A Hearne couple is suing the state of Texas to change how a “pickle” is defined.

Right now, state law allows people to sell pickled cucumbers at farmer’s markets with very little regulation. However, there are tougher regulations when it comes to any other pickled product.

“You can’t pickle beets. You can’t pickle anything except for cucumbers,” says Anita McHaney.

Anita and James McHaney are taking a stand after finding out the Texas Health Department decided pickles are just cucumbers and nothing else.

They planned to use their excess food they grow in their farm to pickle different vegetables to try to make a living, but the new Cottage Food Law doesn’t allow them to. 

“They have an arbitrary definition that is preventing you from making a living on your farm,” Anita says.

The Cottage Food Law says a “pickle is a cucumber preserved in vinegar, brine, or similar situation and excludes all other picked vegetables.”

“We spent quite a bit of time writing to and communicating with a variety of people, the legislators around the state, about how did this come to be, how can we get this resolved,” Anita adds.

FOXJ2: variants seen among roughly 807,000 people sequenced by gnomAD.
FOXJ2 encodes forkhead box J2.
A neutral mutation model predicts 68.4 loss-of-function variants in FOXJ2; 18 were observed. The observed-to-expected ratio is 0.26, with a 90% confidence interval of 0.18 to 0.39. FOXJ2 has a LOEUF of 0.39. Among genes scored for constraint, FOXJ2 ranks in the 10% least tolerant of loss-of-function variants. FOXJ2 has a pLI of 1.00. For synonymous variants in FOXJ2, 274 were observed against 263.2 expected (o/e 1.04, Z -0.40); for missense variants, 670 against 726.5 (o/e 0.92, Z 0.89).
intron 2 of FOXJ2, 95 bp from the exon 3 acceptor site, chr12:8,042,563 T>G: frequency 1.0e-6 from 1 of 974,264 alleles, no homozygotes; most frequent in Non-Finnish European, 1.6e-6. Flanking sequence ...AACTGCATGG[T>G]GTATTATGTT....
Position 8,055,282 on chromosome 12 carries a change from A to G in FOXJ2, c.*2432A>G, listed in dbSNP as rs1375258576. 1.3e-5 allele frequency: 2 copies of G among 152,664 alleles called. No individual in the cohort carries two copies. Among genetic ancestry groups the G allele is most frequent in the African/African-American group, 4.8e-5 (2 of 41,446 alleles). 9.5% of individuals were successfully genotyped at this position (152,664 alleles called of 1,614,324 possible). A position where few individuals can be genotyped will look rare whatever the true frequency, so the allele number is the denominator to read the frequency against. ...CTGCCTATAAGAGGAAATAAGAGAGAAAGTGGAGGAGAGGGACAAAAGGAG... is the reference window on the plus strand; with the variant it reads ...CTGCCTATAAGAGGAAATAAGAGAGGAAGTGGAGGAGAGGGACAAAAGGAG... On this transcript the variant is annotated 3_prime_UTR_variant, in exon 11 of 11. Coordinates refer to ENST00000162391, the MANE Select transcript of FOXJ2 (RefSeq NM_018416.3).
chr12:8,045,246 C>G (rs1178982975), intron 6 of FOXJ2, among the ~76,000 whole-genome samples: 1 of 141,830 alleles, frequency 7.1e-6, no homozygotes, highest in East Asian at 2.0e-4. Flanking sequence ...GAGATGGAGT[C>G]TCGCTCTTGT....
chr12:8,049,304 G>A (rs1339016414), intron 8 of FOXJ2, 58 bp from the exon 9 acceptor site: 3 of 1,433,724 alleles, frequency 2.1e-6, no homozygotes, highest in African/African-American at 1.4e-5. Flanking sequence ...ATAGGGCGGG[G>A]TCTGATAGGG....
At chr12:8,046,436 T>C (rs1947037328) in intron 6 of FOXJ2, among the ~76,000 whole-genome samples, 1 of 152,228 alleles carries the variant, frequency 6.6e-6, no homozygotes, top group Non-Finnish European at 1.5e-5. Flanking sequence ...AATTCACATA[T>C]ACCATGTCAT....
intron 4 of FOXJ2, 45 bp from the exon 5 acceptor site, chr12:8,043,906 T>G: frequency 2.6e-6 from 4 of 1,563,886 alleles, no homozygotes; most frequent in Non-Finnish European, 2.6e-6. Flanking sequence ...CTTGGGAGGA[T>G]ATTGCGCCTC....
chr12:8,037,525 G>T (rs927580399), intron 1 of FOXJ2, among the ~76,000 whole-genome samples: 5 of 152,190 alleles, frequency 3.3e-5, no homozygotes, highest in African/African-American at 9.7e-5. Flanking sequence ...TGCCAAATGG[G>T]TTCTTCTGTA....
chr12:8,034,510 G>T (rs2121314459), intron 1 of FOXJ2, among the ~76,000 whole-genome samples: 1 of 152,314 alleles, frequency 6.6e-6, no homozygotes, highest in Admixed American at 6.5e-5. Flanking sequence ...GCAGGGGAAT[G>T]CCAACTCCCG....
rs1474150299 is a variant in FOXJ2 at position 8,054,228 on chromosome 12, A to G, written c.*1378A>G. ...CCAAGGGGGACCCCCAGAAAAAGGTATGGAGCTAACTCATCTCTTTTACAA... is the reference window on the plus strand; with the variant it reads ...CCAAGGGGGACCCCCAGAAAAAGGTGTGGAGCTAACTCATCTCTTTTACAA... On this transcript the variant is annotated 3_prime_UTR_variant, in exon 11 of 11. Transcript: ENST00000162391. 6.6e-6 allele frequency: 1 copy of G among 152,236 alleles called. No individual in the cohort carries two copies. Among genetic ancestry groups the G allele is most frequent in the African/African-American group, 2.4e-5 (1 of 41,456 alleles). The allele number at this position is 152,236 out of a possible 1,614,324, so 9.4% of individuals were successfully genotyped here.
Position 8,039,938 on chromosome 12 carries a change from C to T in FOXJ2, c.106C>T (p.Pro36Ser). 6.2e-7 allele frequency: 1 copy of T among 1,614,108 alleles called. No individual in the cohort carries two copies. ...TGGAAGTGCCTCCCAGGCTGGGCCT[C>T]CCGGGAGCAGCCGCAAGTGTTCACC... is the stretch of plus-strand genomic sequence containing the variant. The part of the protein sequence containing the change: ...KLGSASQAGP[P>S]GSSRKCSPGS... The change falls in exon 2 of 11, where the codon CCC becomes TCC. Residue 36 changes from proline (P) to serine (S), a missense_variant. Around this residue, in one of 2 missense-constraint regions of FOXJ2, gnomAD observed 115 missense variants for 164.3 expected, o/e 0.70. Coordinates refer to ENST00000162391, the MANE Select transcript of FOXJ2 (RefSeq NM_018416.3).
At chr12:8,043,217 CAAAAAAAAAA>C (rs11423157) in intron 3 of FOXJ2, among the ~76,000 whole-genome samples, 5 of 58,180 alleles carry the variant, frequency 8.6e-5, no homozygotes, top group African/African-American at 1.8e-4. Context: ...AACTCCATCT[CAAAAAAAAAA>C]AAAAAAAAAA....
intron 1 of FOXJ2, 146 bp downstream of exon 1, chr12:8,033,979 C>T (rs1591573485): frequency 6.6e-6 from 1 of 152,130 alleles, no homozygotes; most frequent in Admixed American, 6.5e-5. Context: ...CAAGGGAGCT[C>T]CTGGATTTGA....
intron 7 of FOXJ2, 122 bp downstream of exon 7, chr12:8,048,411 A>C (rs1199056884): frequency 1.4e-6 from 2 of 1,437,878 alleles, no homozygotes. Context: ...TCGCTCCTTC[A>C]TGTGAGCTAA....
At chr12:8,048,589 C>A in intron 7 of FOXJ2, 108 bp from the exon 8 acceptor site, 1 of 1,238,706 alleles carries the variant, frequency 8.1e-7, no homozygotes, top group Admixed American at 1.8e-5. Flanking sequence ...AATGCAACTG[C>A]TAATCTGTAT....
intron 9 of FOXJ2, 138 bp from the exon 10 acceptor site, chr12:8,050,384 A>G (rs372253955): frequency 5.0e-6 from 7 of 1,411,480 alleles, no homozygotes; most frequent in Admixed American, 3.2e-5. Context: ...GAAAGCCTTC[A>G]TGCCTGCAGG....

When they got no answer, they decided to sue the state. It turns out it’s not an easy process to sell any other pickled item.

“You have to have a licensed kitchen, and a licensed kitchen has a lot of specific rules,” Anita says.

Including a three-park sink, a different sink for washing, a mop sink, a floor drain – basically all the things a restaurant has. And that’s not all – you also have to go through a class, get your recipe blessed and then tested.

All of this adds up in expenses, and the class is only once a year.

The McHaneys say the Texas Health Department changed the definition of a pickle after the state legislature approved the law to where all vegetables could be pickled. 

“Does the Health Department get to change what the legislator thought they did? Can they come behind the legislator after the legislator goes on for years and change it?,” James asks.

And this is what they hope gets answered in court.